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A new “miracle material” could finally put an end to the cracked smart phone screen.

Researchers from several institutions— including Queen’s University School of Mathematics and Physics, Stanford University, the University of California, California State University and the National Institute for Materials Science in Japan— have developed a new hybrid device that can conduct electricity at fast speeds, while maintaining a light, durable and easy to manufacture design.

“Our findings show that this new 'miracle material' has similar physical properties to Silicon but it has improved chemical stability, lightness and flexibility, which could potentially be used in smart devices and would be much less likely to break,” Elton Santos, Ph.D., from Queen's University's School of Mathematics and Physics, said in a statement.

“The material also could mean that devices use less energy than before because of the device architecture so could have improved battery life and less electric shocks.”

The majority of smart phones are made with silicon and other compounds that are expensive and break easily. The new material is a combination of the semiconducting molecule C60, which can transform sunlight into electricity with layered materials including graphene and hBN, which provides stability, electronic compatibility and isolation charge to graphene.

Santos initially predicted that the combination of hBN, graphene and C60 would result in a solid with new physical and chemical properties and wanted to test the theory in a collaboration with other scientists.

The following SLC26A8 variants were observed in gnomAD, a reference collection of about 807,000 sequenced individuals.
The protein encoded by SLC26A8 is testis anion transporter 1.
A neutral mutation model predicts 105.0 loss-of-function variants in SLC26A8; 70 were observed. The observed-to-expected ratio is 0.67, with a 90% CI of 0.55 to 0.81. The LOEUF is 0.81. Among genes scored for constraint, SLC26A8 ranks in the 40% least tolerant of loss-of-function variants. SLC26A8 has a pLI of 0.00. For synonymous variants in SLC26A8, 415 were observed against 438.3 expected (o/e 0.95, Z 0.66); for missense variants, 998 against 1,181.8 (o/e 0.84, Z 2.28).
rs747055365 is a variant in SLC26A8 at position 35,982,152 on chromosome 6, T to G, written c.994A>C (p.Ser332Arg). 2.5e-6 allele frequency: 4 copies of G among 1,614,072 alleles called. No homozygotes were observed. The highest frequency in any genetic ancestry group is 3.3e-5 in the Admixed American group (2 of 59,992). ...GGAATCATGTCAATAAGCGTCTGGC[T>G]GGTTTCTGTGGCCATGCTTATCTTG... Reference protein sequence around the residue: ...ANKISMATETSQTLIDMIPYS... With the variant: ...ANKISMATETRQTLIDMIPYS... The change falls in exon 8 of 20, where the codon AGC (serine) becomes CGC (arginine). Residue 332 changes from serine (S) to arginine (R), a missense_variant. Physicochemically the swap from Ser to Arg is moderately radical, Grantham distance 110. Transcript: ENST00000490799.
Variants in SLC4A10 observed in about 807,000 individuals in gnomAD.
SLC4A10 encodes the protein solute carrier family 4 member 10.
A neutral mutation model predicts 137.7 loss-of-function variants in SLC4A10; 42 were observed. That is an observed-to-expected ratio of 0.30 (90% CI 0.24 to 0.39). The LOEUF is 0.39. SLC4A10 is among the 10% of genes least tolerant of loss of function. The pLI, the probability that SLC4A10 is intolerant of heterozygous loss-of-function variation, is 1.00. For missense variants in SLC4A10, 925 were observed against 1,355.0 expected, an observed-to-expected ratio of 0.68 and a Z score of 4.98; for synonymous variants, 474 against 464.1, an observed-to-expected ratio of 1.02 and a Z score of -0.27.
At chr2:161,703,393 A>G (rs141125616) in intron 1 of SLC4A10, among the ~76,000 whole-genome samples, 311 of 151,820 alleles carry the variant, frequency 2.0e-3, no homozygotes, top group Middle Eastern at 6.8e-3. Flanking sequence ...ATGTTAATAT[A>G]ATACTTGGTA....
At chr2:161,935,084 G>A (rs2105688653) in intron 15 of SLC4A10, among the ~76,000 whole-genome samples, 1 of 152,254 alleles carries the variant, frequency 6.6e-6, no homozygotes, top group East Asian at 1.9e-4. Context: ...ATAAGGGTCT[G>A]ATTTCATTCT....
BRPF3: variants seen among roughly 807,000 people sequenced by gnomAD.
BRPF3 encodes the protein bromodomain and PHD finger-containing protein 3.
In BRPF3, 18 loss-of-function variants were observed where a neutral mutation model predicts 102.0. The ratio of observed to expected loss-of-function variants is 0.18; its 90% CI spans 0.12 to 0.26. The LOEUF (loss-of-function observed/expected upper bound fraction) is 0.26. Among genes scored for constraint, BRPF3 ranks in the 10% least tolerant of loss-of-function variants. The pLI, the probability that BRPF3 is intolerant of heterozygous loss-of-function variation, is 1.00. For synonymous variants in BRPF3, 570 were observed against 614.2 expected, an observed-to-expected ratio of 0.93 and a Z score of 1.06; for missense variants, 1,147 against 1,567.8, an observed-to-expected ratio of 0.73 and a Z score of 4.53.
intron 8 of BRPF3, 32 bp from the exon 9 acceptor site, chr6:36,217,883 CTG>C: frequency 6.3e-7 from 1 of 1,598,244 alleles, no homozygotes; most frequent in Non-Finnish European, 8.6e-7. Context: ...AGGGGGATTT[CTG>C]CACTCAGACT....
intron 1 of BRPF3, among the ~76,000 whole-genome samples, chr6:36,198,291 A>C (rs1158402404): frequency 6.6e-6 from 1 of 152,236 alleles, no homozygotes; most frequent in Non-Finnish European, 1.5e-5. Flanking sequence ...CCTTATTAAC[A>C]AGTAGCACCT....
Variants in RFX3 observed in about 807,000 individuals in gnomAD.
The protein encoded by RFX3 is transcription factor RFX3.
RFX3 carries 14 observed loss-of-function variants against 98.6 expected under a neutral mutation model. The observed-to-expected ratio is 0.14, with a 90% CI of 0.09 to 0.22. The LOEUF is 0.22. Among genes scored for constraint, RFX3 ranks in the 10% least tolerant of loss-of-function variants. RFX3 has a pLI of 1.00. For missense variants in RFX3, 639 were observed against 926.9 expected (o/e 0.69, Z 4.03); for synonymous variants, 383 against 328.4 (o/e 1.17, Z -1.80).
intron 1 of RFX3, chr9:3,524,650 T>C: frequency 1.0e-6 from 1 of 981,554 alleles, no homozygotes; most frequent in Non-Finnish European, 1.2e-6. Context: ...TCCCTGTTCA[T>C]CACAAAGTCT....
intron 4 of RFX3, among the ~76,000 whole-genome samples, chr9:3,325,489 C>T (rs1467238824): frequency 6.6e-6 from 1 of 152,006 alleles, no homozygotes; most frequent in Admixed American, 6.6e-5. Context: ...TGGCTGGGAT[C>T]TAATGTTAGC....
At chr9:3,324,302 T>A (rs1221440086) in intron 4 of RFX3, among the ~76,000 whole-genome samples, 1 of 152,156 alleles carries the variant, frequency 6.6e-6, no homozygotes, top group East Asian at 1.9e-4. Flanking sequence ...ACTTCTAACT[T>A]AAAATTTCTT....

“It is a sort of a 'dream project' for a theoretician since the accuracy achieved in the experiments remarkably matched what I predicted and this is not normally easy to find,” Santos said. “The model made several assumptions that have proven to be completely right.”

Before this material can be implemented the researchers need to solve the issue with graphene and the new material architecture lack a band gap—which is needed for the on-off switching operations performed by electronic devices.

One solution might be using transition metal dichalcogenides (TMD), which are chemically stable, have large sources for production and band gaps similar to Silicon.

“By using these findings, we have now produced a template but in future we hope to add an additional feature with TMDs,” Santos said. “These are semiconductors, which by-pass the problem of the band gap, so we now have a real transistor on the horizon.”

The study was published in ACS Nano.

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